• Major on a KN steam turbine involved machining out and replacing stellite seats on valves. During the overhaul, investigation of actuator oil leaks revealed the wrong plugs had been inserted previously. Bearing oil leakage was high because a worn seal ring had not been replaced during the last overhaul. Plant struggled with vacuum leaks in the last year which were attributed to rupture discs being near end-of-life.
  • Plant reported high ammonia slip, corrected temporarily by cleanout of the ammonia injection grid (AIG). Replacement and upgrade alternatives are being considered. An attendee offered that the Peerless Edge® AIG retrofit it implemented operates with ammonia slip and NOx within specifications. Prior to the retrofit, plant reduced load to control slip.
  • A vibration step change on one of plant’s two gas turbines was investigated with borescope inspection finding Row 4 hardware missing and several Row 1 vanes breached. Operator training was being considered.
  • Leaking tubes in the fleet leader’s kettle boiler were simply plugged to enable continuing operations.
  • Wear and tear on this 1 × 1 plant’s HRSG prompted use of thermography to identify hot spots, resulting in a partial rebuild of the boiler’s walls. The floor also was rebuilt to eliminate release of insulation. Finally, ports were added on top of the HRSG for NOx traverse testing.
  • Another plant reported rebabbiting and repair of its exhaust bearing, plus replacement of Row 1 ring segments, one combustion basket, and one transition piece.
  • One gas turbine at a 2 × 1 plant with more than 100k hours of service completed a rotor exchange and replaced four Row 1 blades and three Row 1 vanes during that major. Its sister unit also conducted vane and blade work during the overhaul, including a few airfoil replacements.
  • The representative of a 3 × 1 combined cycle discussed a DCS upgrade to T3000 Version 8.2 on the trio of gas turbines, which averaged about 70k operating hours and 2000 starts. The steam turbine, with about 100,000 hours under its belt, and one GT benefitted from AVR (automatic voltage regulation) upgrades.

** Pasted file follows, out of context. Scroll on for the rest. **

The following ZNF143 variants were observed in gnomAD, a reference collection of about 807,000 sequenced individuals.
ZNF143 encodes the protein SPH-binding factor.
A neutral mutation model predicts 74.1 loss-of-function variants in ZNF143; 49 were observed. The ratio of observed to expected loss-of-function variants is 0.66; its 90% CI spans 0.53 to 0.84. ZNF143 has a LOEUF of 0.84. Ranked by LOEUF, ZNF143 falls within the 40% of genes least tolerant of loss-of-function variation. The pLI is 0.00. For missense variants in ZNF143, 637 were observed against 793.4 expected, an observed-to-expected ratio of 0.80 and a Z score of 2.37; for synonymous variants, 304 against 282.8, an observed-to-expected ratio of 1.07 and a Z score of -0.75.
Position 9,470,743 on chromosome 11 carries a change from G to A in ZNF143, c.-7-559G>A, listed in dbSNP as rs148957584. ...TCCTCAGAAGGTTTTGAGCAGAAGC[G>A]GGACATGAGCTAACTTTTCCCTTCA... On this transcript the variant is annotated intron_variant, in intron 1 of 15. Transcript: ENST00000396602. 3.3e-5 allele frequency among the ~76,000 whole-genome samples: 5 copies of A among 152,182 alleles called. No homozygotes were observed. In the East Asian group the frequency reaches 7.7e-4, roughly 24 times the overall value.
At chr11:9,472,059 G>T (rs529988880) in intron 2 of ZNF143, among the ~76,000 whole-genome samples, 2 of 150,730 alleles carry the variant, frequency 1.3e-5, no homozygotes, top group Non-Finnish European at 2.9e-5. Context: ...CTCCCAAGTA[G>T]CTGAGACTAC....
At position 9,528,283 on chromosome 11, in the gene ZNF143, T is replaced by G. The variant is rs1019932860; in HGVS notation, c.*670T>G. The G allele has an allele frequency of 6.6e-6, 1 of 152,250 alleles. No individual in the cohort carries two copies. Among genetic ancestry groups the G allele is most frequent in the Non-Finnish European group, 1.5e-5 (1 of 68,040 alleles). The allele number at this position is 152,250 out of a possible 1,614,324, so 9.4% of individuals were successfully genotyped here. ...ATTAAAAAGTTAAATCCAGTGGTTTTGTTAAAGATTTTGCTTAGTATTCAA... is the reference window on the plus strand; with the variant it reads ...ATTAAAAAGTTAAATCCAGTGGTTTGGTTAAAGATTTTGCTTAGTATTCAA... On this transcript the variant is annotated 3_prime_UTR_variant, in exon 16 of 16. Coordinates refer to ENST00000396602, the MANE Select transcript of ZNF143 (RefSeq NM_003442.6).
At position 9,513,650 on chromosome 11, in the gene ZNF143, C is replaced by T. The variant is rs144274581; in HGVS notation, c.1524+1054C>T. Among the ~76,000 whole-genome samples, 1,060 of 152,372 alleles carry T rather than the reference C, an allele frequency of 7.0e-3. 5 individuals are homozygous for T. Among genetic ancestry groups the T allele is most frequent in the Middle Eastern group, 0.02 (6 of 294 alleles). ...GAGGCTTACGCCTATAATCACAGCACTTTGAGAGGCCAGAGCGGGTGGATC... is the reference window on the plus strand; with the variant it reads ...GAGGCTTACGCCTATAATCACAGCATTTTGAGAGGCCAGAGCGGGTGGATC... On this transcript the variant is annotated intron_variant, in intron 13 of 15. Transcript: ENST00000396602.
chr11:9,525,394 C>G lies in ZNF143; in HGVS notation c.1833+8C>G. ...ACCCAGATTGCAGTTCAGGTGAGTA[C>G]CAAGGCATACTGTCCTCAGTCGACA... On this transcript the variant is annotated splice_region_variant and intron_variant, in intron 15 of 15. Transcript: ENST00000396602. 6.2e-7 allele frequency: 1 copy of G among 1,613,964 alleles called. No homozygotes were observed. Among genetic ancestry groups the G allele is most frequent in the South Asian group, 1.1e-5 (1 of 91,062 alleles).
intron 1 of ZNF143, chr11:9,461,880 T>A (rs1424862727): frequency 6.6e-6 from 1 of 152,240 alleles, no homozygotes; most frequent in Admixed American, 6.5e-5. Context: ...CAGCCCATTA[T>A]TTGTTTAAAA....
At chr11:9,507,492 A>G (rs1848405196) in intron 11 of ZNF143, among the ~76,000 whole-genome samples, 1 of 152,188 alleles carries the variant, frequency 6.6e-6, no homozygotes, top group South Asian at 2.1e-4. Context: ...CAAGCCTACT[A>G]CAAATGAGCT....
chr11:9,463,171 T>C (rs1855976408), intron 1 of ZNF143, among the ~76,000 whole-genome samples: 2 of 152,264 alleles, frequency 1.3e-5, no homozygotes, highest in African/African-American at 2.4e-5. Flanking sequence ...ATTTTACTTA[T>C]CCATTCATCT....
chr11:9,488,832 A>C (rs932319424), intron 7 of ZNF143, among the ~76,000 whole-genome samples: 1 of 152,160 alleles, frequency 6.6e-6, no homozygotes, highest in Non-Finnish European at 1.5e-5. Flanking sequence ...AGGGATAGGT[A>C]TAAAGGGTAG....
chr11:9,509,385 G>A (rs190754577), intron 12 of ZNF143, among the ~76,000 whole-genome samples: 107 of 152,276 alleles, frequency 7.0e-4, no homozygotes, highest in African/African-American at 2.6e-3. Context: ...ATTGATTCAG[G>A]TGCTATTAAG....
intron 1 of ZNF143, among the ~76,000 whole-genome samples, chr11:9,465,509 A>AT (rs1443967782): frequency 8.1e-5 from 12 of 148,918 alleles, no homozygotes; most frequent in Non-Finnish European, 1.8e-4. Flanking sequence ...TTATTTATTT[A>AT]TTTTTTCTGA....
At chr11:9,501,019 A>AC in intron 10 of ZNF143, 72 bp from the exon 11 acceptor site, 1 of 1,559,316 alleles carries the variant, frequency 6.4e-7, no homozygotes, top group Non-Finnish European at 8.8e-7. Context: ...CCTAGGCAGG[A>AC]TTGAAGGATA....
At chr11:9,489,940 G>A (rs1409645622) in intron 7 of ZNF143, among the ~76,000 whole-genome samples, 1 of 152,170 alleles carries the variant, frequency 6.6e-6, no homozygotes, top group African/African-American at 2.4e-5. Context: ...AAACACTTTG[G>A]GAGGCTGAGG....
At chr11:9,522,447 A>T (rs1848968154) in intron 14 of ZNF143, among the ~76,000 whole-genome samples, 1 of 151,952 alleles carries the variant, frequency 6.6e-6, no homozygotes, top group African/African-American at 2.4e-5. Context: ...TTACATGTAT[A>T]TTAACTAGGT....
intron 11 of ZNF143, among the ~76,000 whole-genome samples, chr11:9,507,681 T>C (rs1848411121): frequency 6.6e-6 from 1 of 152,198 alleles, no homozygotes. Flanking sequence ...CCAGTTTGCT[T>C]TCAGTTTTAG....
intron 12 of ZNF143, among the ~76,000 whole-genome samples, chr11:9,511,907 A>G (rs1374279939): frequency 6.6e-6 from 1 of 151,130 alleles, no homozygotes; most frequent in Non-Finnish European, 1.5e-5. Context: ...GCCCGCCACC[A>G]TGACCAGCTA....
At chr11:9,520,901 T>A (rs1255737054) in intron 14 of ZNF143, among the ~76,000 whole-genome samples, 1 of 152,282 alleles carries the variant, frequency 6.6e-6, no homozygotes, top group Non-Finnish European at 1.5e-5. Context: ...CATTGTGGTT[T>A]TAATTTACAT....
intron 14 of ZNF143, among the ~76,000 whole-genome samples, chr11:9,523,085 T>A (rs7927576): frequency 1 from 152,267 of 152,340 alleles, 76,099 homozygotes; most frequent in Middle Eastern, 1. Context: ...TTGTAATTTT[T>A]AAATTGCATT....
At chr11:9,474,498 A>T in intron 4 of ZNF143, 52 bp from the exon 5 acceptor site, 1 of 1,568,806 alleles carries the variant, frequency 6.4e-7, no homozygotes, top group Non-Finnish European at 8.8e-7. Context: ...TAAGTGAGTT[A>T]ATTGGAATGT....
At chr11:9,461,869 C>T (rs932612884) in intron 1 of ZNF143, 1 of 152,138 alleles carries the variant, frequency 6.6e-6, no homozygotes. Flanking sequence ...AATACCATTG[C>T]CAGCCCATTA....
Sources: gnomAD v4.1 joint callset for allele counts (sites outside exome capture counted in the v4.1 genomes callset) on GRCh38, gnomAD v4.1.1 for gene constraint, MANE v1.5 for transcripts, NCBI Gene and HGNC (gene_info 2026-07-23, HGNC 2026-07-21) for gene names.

• One gas turbine at a 2 × 1 facility experienced an expansion-joint failure, resulting in a unit trip. Other happenings: A significant forced outage was caused by the failure of a startup frequency controller. One unit suffered flashbacks on Can 3 following a low-gas-pressure event.
  • Plus, pieces of lockwire wire were found in combustion cans during a borescope inspection and removed; there were multiple igniter failures (some sticking after insertion); Row 1 STM (short-term mitigation) vanes were installed on both units to address the vane-distress phenomenon reported in the fleet. Regarding the last point, the modified vanes increase backflow margin, improve impingement cooling, and supply additional film cooling to the leading-edge of concern.
  • Major inspections were conducted on both the steam and gas turbines at a 1 × 1 facility with about 100k service hours. However, within one month of outage completion, five of six RTDs monitoring the generator had failed; ST vibrations were high during post-outage starts, increasing regularly from 8 to 14 mils; throttle and governor valves on the steamer began sticking during starts; and the reheat stop valve was sticking—sometimes.
  • Borescope inspections on two gas turbines, each with nearly 100k hours of service and 1800 starts, revealed no issues with Row 1 mitigation vanes. Center igniters were installed on one unit; however, cables were not connected properly, causing a fired abort on startup. Second GT experienced a full-load trip attributed to a flameout caused by initiation of steam power augmentation. Logic mod fixed that problem.
  • A 1 × 1 plant with more than 100k service hours and 2700 starts identified flow-accelerated corrosion (FAC) in the HP economizer upper headers and LP economizer. Planning for replacements during the next outage is underway. Other issues of concern included turbine through bolts, Row 1 blades and vanes, increase intervals for blade inspections (8k to 12k hours). Plant experienced its first through-bolt failure at 20k hours, second at 30k; current set of bolts has been in service about 40k hours.